Washington County is a county located in the Commonwealth of Virginia. As of 2010, the population was 54,876. Washington County is located in Southwest Virginia. Interstate 81 runs through the county’s central valley and intersects with Interstate 77 approximately 55 miles northeast of the Town of Abingdon, Washington County’s seat of government.
Washington County is a county located in the Commonwealth of Virginia. As of 2010, the population was 54,876. Its county seat is Abingdon. Washington County is part of the Kingsport–Bristol (TN)–Bristol (VA) Metropolitan Statistical Area, which is a component of the Johnson City–Kingsport–Bristol, TN-VA Combined Statistical Area – commonly known as the “Tri-Cities” region.
In 1999, Abingdon, Virginia combined efforts with Bristol, VA/TN, Johnson City, TN, and Kingsport, TN to compete as a combined Tri-Cities area in the All-America City competition. The effort worked and our Tri-Cities region of NE Tennessee and SW Virginia was awarded the title of one of ten All-America Cities.
Evan Shelby Monument East Hill Cemetery
600 block State Street, Bristol, Virginia
General Evan Shelby (c. 1720–1794), was born in Wales and took part in the French and Indian War. He commanded a company of militia from Sullivan County at the battle of Point Pleasant, and was the leader of the famous Chickamauga expedition. Shelby moved to the Bristol area in about 1773. He served as brigadier general of the militia of the frontier district of North Carolina. His very unusual coffin-shaped cast-iron monument is located in Bristol’s East Hill Cemetery.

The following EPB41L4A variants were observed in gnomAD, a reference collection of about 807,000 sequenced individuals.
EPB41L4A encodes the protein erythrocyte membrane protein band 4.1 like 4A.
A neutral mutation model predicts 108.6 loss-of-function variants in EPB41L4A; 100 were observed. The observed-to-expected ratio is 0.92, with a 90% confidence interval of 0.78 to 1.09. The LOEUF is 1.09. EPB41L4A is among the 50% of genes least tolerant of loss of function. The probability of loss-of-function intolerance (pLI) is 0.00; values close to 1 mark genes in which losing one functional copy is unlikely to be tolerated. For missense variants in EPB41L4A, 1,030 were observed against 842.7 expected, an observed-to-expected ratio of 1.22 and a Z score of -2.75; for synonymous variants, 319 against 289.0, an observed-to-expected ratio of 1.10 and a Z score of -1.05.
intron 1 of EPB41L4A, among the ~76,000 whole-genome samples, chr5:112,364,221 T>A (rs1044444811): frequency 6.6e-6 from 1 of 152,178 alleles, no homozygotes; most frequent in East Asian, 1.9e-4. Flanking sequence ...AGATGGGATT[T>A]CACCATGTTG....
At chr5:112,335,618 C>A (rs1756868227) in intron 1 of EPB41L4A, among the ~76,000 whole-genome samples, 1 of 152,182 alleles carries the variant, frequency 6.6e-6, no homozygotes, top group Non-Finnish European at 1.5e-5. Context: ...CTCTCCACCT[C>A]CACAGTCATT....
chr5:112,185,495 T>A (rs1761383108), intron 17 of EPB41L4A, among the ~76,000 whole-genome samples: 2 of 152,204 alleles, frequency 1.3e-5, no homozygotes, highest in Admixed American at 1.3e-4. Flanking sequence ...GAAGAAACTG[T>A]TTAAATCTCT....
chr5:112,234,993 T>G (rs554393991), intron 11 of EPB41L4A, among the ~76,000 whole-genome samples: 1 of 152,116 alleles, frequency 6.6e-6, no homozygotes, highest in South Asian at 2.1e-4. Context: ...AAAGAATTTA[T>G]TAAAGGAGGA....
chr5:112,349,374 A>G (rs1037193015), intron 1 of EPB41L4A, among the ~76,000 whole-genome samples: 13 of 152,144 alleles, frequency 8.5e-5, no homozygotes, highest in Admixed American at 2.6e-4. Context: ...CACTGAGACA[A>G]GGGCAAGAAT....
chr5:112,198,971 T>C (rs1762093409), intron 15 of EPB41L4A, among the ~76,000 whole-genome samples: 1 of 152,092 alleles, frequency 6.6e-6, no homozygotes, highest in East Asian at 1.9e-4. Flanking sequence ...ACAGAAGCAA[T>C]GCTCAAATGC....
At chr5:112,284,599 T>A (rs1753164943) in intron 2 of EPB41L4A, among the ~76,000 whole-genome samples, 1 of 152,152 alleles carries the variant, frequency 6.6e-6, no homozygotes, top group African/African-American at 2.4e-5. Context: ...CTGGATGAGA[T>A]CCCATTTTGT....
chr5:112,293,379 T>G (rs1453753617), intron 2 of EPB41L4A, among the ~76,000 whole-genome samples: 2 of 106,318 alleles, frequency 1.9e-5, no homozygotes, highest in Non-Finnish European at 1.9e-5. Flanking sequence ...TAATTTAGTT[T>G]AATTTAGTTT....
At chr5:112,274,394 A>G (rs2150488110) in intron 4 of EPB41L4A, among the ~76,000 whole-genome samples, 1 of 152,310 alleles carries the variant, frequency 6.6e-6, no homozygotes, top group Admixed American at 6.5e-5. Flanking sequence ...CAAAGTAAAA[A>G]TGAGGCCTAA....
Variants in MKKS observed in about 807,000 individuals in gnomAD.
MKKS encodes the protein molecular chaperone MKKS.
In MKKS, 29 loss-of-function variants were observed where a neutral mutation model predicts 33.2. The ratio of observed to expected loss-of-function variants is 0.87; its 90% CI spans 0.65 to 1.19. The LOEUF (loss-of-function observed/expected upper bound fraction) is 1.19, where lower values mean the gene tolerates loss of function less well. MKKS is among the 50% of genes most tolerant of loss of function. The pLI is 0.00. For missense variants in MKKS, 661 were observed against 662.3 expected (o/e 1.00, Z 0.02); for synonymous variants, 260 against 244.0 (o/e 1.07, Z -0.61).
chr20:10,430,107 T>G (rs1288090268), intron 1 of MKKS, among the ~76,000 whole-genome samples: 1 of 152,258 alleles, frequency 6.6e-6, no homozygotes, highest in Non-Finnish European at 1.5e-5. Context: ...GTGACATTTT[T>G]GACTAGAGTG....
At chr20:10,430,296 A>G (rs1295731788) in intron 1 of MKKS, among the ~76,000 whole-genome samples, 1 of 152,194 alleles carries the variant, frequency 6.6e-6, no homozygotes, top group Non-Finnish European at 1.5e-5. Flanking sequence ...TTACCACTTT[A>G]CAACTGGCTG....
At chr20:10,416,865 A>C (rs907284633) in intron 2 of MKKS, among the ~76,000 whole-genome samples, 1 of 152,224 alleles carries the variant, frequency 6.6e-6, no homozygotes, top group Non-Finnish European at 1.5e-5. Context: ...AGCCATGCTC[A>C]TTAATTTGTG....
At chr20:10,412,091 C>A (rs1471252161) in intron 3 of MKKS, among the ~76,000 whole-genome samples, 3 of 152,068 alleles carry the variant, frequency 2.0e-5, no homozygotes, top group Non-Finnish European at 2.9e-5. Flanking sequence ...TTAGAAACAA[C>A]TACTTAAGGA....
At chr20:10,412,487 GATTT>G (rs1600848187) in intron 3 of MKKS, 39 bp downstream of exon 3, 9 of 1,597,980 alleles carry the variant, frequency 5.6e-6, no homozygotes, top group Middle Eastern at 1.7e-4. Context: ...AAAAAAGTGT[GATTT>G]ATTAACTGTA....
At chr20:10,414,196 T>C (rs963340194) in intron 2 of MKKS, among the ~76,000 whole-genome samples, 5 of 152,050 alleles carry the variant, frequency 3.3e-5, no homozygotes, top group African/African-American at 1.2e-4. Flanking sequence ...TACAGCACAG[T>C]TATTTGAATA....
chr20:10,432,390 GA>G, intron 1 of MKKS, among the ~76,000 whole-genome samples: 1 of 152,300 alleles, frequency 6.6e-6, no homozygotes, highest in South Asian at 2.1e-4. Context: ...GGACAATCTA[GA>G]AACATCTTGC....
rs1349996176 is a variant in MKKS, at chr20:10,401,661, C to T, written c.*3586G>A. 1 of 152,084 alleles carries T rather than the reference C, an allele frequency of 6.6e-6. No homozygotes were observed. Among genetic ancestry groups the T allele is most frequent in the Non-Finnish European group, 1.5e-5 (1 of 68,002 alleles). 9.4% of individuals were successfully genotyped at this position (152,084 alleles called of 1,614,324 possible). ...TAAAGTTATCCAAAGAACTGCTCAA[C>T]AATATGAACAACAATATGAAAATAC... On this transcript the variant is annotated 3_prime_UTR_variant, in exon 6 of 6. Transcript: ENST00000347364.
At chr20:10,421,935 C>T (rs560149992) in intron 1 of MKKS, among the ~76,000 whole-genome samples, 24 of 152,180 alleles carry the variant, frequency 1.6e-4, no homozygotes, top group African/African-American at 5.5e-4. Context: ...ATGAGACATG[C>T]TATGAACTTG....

Abingdon Muster Ground Interpretive Center
1780 Muster Place, Abingdon, Virginia
The northern trailhead for the Overmountain Victory National Historic Trail, the Abingdon Muster Ground is the regional center for American revolutionary period history. This is the place where local soldiers gathered to march to battle. Exhibits help visitors discover what life was like for the Overmountain men, backcountry women, African-Americans and Native Americans, as well as British Loyalists. The gift shop provides gifts, books, and historical reproductions.
222 East Main Street, Abingdon, Virginia
The Tavern, the oldest of Abingdon’s historic buildings and thought to be one of the oldest structures in Washington County, was built in 1779. Originally known as Yancy’s Tavern, it has had such guests as Henry Clay; Louis Philippe, King of France; President Andrew Jackson; and Pierre Charles L’Enfant, designer of Washington D.C. Today it is a fine restaurant.
Martha Washington Inn
150 West Main Street, Abingdon, Virginia
The Martha Washington Inn is a historic hotel located in Abingdon, Virginia. The unusually elegant and substantial house was built in 1832 by General Francis Preston, hero of the War of 1812, for his family of nine children. The building has served since then as a women’s college, a Civil War hospital and barracks, and as a residence for visiting actors of the Barter Theatre. The hotel has been restored in recent years and, with the nearby Barter Theater, forms the centerpiece of downtown Abingdon.
Historical Society of Washington County
306 Depot Street, Abingdon, Virginia
Washington County was formed in 1776. The town of Abingdon has served as Washington County’s transportation, commercial, and political hub since it was laid out in 1778. Its location on the Great Road and later the Southwestern Turnpike brought prosperity. The Historical Society of Washington County is housed in the restored Abingdon Train Depot. The Society is available for genealogical and historical research, including local and regional history, published genealogies, and family histories.